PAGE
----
In the air, cameramen for Community Voice News International leant out of helicopters to film the scene for prosperity, while breathless reporters from around the world clamoured for space along the railings outside the Forum to relate the joyous scenes to Castlehuddart émigrés around the world.
Further down Burton Boulevard, the magnificent dome of the Mícheál Ó Muircheartaigh Stadium glistened in the autumnal sunlight as it prepared for that evening’s Champions League Final between Verona and AC Milan, whilst many of the latter’s supporters respectfully watched the proceedings from the roof-garden of the word-famous Le Terrazza Restaurant in George Redmond Grove. Above the skyline came the distinctive introduction to “I can’t believe I still haven’t found what I’m looking for” as U2 rehearsed in Draíocht for the first date of their worldwide comeback tour.
I ambled along the golden pavement in the dappled sunshine, watching the children excitedly queuing up to enter Clonsillaworld, an exhilarating new theme park where you try to find a parking space within walking distance of the train station or walk to the local school without being mown down by passing cars or simply sit admiring the view while waiting for the car ahead to turn right up the Shelerin Road.
I stopped at a local newsagent and glanced at the front page of a paper. “Minister for Finance to introduce income tax?” said the headline. “It’ll never happen,” said the kindly shopkeeper. “Sure with our full employment, the low cost of living and the voluntary contributions made by all the contented members of the country, there’s no need for income tax. Go on, take the paper – I have plenty more.”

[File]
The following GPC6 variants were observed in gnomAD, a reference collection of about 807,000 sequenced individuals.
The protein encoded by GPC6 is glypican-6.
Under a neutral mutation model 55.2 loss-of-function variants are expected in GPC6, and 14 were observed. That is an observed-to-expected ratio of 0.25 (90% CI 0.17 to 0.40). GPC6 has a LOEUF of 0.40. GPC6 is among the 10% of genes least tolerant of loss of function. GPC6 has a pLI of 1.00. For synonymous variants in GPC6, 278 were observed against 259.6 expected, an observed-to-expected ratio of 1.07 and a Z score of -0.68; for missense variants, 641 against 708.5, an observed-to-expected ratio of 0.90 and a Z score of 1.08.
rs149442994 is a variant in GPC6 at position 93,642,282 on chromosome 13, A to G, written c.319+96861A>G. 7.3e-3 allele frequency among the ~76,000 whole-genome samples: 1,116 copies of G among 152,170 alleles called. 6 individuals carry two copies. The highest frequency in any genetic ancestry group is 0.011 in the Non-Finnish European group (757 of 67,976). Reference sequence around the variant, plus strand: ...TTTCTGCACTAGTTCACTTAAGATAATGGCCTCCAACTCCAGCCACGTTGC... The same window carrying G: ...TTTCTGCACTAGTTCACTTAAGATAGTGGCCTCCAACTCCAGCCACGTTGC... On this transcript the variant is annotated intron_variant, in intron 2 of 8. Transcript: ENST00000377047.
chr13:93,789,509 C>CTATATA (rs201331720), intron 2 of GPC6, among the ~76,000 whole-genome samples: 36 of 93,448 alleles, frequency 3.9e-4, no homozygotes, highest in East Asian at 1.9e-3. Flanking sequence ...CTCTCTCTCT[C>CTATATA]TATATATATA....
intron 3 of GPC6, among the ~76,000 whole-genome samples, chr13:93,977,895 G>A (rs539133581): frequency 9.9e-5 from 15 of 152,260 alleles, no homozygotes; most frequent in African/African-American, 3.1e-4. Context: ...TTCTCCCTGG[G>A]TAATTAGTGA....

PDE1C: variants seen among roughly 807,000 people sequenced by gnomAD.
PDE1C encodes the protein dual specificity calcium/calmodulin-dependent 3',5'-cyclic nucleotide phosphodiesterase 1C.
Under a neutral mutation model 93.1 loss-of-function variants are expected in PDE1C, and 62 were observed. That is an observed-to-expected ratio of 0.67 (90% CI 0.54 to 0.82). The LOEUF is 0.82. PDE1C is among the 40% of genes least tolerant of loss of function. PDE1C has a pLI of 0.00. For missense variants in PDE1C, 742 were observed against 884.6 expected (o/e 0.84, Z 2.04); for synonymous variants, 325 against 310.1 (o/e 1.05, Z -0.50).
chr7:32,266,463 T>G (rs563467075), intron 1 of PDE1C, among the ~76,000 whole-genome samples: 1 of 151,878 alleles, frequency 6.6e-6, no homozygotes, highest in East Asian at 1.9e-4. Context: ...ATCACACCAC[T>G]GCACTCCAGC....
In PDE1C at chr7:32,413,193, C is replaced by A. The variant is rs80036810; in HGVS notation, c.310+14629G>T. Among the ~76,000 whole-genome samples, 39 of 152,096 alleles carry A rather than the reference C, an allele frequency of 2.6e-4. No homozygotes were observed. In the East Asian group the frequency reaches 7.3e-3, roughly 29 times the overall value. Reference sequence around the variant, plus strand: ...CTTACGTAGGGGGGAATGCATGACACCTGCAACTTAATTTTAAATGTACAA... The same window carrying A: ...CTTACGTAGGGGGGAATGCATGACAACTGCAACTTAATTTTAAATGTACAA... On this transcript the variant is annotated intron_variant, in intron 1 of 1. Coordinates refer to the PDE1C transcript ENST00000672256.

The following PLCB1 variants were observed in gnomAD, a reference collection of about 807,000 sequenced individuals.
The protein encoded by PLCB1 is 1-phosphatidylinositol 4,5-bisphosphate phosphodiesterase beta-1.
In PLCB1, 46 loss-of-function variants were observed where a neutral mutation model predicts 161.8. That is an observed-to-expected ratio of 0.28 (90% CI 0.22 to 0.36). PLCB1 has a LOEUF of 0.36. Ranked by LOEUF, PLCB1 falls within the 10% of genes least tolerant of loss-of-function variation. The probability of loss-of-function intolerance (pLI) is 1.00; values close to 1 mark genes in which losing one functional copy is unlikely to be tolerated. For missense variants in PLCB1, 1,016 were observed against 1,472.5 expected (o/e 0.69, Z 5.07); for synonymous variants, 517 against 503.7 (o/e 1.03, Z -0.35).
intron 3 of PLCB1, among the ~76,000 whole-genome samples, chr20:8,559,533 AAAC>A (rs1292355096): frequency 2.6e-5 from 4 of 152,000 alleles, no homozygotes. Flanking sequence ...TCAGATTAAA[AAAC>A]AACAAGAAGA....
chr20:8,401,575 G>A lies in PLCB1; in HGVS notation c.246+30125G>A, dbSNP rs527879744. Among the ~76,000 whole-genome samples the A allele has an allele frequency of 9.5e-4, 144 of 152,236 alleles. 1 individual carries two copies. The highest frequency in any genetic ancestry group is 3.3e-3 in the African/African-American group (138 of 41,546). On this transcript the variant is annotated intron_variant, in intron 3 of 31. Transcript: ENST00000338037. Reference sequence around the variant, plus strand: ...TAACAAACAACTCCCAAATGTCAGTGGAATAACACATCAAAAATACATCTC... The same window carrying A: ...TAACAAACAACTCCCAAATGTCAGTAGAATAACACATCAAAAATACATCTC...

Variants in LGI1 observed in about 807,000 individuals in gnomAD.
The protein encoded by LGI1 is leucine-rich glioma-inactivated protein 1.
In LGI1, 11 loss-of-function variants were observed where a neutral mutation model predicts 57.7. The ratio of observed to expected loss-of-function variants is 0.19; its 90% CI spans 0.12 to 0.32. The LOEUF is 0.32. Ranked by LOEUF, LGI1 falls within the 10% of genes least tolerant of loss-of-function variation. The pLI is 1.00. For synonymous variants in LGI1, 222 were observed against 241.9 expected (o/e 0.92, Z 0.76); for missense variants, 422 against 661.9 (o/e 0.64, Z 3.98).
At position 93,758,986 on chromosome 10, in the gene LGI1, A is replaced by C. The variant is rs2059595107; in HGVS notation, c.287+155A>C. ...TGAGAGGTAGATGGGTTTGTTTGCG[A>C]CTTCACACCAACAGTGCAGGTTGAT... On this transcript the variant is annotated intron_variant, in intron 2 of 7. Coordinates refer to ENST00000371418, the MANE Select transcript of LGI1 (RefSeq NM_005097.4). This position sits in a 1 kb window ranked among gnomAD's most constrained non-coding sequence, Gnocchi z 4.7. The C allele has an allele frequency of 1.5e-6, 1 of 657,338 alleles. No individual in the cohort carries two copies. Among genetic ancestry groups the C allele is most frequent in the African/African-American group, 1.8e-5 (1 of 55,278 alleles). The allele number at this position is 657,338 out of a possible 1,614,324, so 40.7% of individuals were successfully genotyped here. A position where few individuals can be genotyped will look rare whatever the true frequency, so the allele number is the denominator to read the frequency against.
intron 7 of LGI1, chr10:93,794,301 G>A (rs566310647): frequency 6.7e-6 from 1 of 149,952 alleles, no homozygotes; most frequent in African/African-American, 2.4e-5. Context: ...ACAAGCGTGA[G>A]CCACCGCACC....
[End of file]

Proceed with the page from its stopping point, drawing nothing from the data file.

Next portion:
I walked on, passing by the shrine of St. Dan of the Oratory, in front of which people were praying to a relic of his spectacles, and stopping in front of the Museum of Antiquities, where a schoolteacher was telling a bunch of incredulous children what a traffic jam was. Against the wall, a street entertainer was performing a brain teaser on a Nintendo DS as a large crowd looked on in wonder.
Across the street, the large milk shop stood next door to the equally large honey shop, whilst outside of each a large cup of plenty was overflowing. As I stood in the queue for some honey, I frowned, when I saw that my profile on the banknote had been taken from the right rather than the left. And they could have airbrushed out the wart on the end of my nose, I grumbled.
But the sun shone in all its majesty and cockatoos cawed merrily in the palm trees and the blue flag flew gaily over the artificial beach behind the Transport Hub.
“And we believe that the new upgrade works on the M50 which are due to be completed by the end of 2010 will have a significant impact on the number of vehicles passing through the village,” said a slightly familiar voice to my left. I stirred and looked up. It took me a good thirty seconds to realise that I was actually back in the Council Chamber in October 2009, listening to a presentation on the Blanchardstown Village Urban Design Framework Plan.
And here I must apologise to the Councillors. Doubtless, along with the sleeping bug I must have caught while entering the offices, there must have been a second screaming heebie-jeebie bug that hopped in as well. I hope my sudden and extremely noisy exit from the Chamber did not detract them too much from the job at hand.